Much like the destructive weapon they are named after, Cruel Bomb packs a lot into a small package.
Wilkes-Barre’s new EP “Man Made” is only five tracks long, but it packs all the fierce firepower of a full old school trash metal album with just three members – singer / guitarist Brandon James , bassist Kennie Barto and drummer Kyle McKeown.
When asked to describe their classic sound, James only had two words: âHeavy and fast. “
âTake Slayer, add some hardcore, make it catchy, and you’ve got a Cruel Bomb song.â
The first single, “A-10”, epitomizes that description and gave headbangers a taste of the devastation when it was released last July.
âThis is a big plane that is the heart of the US Air Force. The inspiration was Kyle and I really love the Flying Tiger artwork and inspired us to write the song on the plane, âexplained James.
âWe had a few veterans who told us they enjoyed the song because they saw the A-10 up close and saved their hides in the past. People really liked it, I think, especially the midsection.
Now, after a year and a half of writing and recording at JL Studios in Olyphant, âMan Madeâ premieres today on the NEPA stage as well as on all major streaming platforms and physical formats like CDs. and cassettes.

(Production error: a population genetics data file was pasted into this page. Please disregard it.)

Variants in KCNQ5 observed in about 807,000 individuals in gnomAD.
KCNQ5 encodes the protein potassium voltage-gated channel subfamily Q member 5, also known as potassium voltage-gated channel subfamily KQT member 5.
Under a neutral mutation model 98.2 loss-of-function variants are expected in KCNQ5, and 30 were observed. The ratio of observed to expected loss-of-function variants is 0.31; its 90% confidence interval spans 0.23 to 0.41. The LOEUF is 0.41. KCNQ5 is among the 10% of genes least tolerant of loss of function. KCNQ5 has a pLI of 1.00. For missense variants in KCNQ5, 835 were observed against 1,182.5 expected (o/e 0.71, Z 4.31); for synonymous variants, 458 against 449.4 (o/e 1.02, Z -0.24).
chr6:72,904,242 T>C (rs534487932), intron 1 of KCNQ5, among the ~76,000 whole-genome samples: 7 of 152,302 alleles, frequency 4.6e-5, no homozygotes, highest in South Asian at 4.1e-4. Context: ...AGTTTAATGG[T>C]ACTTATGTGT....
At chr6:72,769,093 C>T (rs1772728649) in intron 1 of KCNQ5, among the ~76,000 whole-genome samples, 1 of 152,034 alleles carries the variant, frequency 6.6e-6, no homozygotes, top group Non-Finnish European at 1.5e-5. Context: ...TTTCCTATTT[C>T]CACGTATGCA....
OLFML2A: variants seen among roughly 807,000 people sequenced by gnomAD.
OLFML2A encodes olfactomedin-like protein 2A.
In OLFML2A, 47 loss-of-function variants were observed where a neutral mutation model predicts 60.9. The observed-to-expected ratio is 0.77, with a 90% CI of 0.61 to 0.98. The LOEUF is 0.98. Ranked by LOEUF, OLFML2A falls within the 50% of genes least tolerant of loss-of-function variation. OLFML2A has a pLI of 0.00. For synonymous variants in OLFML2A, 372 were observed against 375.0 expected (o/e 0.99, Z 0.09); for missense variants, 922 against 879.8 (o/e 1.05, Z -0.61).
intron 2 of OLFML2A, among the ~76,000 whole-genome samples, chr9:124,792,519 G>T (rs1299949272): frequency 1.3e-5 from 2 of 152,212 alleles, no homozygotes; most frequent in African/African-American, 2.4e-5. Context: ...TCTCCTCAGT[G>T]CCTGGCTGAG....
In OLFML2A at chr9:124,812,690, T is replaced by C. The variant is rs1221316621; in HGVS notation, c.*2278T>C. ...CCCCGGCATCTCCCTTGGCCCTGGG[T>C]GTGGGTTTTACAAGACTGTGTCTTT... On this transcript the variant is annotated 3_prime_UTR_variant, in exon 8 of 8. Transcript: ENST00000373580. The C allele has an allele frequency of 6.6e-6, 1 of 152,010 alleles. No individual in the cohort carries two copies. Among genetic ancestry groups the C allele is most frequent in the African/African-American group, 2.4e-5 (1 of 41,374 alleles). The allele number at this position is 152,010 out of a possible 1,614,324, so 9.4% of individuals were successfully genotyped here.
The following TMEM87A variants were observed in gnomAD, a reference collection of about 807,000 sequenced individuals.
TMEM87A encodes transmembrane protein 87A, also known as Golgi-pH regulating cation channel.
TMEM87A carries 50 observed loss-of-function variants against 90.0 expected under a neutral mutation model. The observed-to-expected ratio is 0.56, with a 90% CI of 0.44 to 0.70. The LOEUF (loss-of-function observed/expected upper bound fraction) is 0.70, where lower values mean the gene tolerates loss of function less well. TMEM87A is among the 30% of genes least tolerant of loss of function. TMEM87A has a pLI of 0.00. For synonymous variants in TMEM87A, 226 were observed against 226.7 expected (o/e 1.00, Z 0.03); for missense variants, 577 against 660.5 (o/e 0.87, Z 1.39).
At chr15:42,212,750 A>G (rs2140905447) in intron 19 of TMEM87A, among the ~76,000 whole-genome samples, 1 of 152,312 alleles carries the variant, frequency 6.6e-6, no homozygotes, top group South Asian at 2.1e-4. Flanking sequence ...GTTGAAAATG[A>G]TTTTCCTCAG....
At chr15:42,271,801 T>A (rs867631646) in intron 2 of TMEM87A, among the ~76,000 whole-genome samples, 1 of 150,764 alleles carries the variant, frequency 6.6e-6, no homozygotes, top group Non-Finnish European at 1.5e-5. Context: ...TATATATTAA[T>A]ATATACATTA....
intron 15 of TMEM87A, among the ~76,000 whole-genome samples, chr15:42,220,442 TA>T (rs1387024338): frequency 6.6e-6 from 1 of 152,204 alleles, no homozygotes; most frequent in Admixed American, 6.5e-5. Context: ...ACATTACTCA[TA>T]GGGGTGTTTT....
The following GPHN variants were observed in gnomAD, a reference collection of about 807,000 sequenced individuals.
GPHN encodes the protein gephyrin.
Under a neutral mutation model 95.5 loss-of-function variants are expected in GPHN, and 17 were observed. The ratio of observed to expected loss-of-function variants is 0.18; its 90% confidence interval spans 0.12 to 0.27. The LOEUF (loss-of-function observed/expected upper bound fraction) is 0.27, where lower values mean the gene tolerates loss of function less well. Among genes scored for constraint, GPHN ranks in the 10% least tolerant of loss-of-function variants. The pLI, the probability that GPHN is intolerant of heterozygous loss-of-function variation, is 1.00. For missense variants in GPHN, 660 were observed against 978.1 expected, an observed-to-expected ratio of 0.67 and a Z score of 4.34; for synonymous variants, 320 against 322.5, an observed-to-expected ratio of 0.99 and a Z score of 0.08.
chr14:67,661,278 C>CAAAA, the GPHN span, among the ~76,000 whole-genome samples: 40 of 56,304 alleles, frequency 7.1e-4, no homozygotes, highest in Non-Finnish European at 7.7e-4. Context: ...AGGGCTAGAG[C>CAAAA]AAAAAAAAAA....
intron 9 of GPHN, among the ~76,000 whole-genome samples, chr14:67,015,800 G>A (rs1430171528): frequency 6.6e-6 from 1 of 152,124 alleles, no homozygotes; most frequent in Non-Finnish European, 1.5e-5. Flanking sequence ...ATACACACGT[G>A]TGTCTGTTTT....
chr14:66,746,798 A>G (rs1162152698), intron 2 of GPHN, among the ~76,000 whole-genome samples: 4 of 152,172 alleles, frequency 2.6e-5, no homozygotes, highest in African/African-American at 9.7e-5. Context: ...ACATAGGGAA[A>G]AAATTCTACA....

âThe COVID restrictions really changed the way we wrote these songs, and it was really a challenge,â James said.
“We’ve worked really hard to bring these songs to life, and we sincerely hope people enjoy them even more.”
This is the trio’s third EP in three years, so the chemistry is definitely explosive. Their collective influences include the Big Four (Metallica, Slayer, Megadeth, and Anthrax), of course, as well as Power Trip, Hatebreed, Biohazard, Amon Amarth, and Sabaton.
âIn 2017, I stopped waiting to find people to do the music I wanted to do. I started doing demos for my idea, “Manhattan Mischief”. Kyle, one of my best friends, said he would love to record these songs professionally with me. Something happened with Kyle’s band with a show. We were ready to play and start running. We needed a bass player, and I recently bought my Explorer from Kennie Barto, who was already a friend in our circle. I hit him and showed him the songs. He agreed to join us and we haven’t stopped running since, ârecalls James.
“[The band name] comes from the Emperor of Japan when they surrendered after the atomic bomb was dropped. âThe enemy has started to use a new and cruelest bomb. “